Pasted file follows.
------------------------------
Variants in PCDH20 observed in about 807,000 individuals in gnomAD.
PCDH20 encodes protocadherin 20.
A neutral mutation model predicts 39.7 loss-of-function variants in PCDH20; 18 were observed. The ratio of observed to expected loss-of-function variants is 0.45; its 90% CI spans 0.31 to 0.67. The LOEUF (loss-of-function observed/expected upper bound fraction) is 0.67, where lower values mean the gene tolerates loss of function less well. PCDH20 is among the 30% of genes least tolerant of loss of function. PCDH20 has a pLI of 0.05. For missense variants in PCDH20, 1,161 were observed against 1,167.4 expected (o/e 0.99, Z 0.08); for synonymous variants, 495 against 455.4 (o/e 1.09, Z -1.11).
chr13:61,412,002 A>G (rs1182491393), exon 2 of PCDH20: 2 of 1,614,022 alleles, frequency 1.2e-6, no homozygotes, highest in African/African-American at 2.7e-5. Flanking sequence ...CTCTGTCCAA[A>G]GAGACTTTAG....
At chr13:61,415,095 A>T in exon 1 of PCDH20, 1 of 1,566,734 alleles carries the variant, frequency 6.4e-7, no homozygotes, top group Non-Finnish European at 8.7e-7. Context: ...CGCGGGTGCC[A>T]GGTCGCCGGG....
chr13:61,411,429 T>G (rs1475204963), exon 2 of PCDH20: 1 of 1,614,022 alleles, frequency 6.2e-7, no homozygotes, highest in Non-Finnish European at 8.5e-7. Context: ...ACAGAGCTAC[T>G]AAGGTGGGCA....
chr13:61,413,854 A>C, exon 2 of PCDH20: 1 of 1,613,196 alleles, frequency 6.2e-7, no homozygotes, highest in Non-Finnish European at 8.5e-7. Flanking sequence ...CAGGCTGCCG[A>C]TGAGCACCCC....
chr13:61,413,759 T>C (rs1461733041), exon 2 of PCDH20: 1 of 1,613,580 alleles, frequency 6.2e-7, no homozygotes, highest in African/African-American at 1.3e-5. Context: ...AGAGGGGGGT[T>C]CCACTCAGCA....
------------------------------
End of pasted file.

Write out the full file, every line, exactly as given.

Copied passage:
Variants in PCDH20 observed in about 807,000 individuals in gnomAD.
PCDH20 encodes protocadherin 20.
A neutral mutation model predicts 39.7 loss-of-function variants in PCDH20; 18 were observed. The ratio of observed to expected loss-of-function variants is 0.45; its 90% CI spans 0.31 to 0.67. The LOEUF (loss-of-function observed/expected upper bound fraction) is 0.67, where lower values mean the gene tolerates loss of function less well. PCDH20 is among the 30% of genes least tolerant of loss of function. PCDH20 has a pLI of 0.05. For missense variants in PCDH20, 1,161 were observed against 1,167.4 expected (o/e 0.99, Z 0.08); for synonymous variants, 495 against 455.4 (o/e 1.09, Z -1.11).
chr13:61,412,002 A>G (rs1182491393), exon 2 of PCDH20: 2 of 1,614,022 alleles, frequency 1.2e-6, no homozygotes, highest in African/African-American at 2.7e-5. Flanking sequence ...CTCTGTCCAA[A>G]GAGACTTTAG....
At chr13:61,415,095 A>T in exon 1 of PCDH20, 1 of 1,566,734 alleles carries the variant, frequency 6.4e-7, no homozygotes, top group Non-Finnish European at 8.7e-7. Context: ...CGCGGGTGCC[A>T]GGTCGCCGGG....
chr13:61,411,429 T>G (rs1475204963), exon 2 of PCDH20: 1 of 1,614,022 alleles, frequency 6.2e-7, no homozygotes, highest in Non-Finnish European at 8.5e-7. Context: ...ACAGAGCTAC[T>G]AAGGTGGGCA....
chr13:61,413,854 A>C, exon 2 of PCDH20: 1 of 1,613,196 alleles, frequency 6.2e-7, no homozygotes, highest in Non-Finnish European at 8.5e-7. Flanking sequence ...CAGGCTGCCG[A>C]TGAGCACCCC....
chr13:61,413,759 T>C (rs1461733041), exon 2 of PCDH20: 1 of 1,613,580 alleles, frequency 6.2e-7, no homozygotes, highest in African/African-American at 1.3e-5. Context: ...AGAGGGGGGT[T>C]CCACTCAGCA....